By Dino Ballotti
PARDON my absence from this column, when life gets in the way we tend to neglect the things that bring us joy and satisfaction. Which brings me to my opinion for today’s read, why do we neglect the simple things that bring us pleasure? Why do so many of us neglect the very roots of our upbringing?
I would like you to think back to your childhood where each and every one of us played the beautiful game. Whether it was in the street with a makeshift football / tennis ball, in the school playground during break time or if you were skilled enough, playing for a club where you ran your 2 laps and then played ‘ball’. Years gone by there was no money in local football, players joined clubs that made them feel welcome, not the ones that offered the best remuneration. Transfers took place over night and if your best mates played for BMC, you too played for BMC. Whether you supported Flames from Katutura, perhaps to watch the great Oscar Mengo, Young One’s from Khomasdal, Chelsea from Grootfontein, or Benfica from the garden town of Tsumeb, there was always a football team that demanded a following.
Once you intersect how far we have come in our very short 23 years of independence you will be quite pleasantly surprised. Take the capital city of Windhoek as our case in point. There is an u9, u11 and an u13 primary schools league of which the majority of the schools have at least 2 active teams participating. Then there is the high school league, which boasts the u15, u17 and super league age groups, not forgetting that there is also a girl’s category. You will then find the Namibian Football Association’s Windhoek based youth leagues which consist of u9, u11, u13, u15, u17 and u19 – a fantastic development set-up which has been in full swing for the past two years now. Not to forget Wendy’s social league where a number of corporate and social teams participate on Saturday and Sunday mornings. We then have the NFA Galz and Goals programme covering female age groups from u9 to u15 and a Women’s Super League which consists of 6 competitive teams in Windhoek alone. Then there is the Khomas second division with 11 active sides, the Southern Stream first division consisting of 12 clubs, and of course the Namibian Premier League with 8 Windhoek based clubs from a possible 12. You also have an Old Boys League, Bush League and the very proud Samora Machel Informal Settlements League in Havana (in Katutura, Windhoek).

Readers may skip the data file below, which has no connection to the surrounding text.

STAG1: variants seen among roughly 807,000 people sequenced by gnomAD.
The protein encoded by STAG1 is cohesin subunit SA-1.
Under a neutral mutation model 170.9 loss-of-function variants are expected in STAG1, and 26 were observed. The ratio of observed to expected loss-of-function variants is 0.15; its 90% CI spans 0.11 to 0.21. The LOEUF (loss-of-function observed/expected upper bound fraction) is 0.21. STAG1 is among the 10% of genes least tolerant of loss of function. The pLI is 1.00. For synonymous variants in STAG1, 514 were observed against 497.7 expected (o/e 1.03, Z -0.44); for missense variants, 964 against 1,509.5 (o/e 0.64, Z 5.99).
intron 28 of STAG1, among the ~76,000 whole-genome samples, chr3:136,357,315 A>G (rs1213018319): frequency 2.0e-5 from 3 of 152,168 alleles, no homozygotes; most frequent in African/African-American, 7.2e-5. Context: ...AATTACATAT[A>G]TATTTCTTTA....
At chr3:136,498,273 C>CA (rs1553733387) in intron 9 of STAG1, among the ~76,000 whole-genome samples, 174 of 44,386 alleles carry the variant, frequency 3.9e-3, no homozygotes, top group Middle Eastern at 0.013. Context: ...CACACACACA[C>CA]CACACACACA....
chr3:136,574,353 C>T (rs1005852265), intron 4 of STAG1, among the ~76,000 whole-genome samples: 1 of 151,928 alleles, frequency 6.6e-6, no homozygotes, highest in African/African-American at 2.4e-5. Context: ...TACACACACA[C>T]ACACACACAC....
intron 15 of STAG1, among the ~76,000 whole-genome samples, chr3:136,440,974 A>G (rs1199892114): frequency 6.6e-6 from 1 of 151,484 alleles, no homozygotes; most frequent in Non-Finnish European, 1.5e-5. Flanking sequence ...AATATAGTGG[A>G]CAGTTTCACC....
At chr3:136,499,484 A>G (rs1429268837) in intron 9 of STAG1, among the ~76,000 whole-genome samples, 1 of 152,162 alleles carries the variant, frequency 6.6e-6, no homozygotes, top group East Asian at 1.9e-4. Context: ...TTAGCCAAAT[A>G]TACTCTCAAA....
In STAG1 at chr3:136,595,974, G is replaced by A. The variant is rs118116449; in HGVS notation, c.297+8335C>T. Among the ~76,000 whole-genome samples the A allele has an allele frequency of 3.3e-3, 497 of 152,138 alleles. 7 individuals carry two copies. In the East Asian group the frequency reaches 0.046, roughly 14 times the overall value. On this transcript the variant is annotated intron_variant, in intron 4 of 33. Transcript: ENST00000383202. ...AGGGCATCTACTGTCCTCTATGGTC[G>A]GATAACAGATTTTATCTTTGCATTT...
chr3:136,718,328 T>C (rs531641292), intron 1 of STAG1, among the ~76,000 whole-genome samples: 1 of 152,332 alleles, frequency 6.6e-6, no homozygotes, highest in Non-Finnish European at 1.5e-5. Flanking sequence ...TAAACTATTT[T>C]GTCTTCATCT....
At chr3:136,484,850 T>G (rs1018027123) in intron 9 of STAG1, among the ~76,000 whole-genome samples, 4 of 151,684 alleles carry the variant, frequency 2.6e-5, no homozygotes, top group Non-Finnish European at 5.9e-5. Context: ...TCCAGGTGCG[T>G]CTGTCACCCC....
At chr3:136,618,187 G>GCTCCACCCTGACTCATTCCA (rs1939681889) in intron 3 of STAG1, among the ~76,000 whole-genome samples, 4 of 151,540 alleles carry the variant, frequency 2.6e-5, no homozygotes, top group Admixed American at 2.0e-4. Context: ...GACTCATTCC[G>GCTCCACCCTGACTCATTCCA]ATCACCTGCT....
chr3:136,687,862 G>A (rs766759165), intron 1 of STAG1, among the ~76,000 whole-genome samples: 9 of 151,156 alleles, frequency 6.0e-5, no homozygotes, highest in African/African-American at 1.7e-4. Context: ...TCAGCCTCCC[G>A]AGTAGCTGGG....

In the 061 we have football in abundance. I fondly recall two Saturday’s past where I decided to go watch some bush football at the John ya Otto Stadium in Wanaheda. I must say that it was a breath of fresh air from the usual NPL or 2nd division matches I normally attend. The passion of the players were second to none and I was mightily impressed with the fair play on exhibit, over the top ‘6 stud tackles’ were the order of the day yet no complaining, no arguing with the makeshift referee or even the linesman’s who used a stick as his offside flag. The spectators that came out in numbers surrounded the field and surprisingly enough cheered for both the home side and travelling team from Swakopmund. I was really pleased that I attended and in the process even scouted a few potential recruits for the new season!
We need the players and spectators of years past to fall back in love with local football. Yes, the quality may not always be of the highest standard, and yes, games may be scheduled for 12 and only start at 3 but that is the beauty of local is lekker. Football unites and we as a proud nation need to realize that by being Namibian we need to support Namibian. I always felt a proud man wearing my Watford F.C replica jerseys until one Saturday morning I saw a father and son both wearing the mighty Blue Ingwenyama Tigers jerseys. I told myself that when my lighty comes I too will match up with not a Juventus or Watford jersey but a local jersey, whichever club I may find myself with, my lighty and I will proudly show where we are from!
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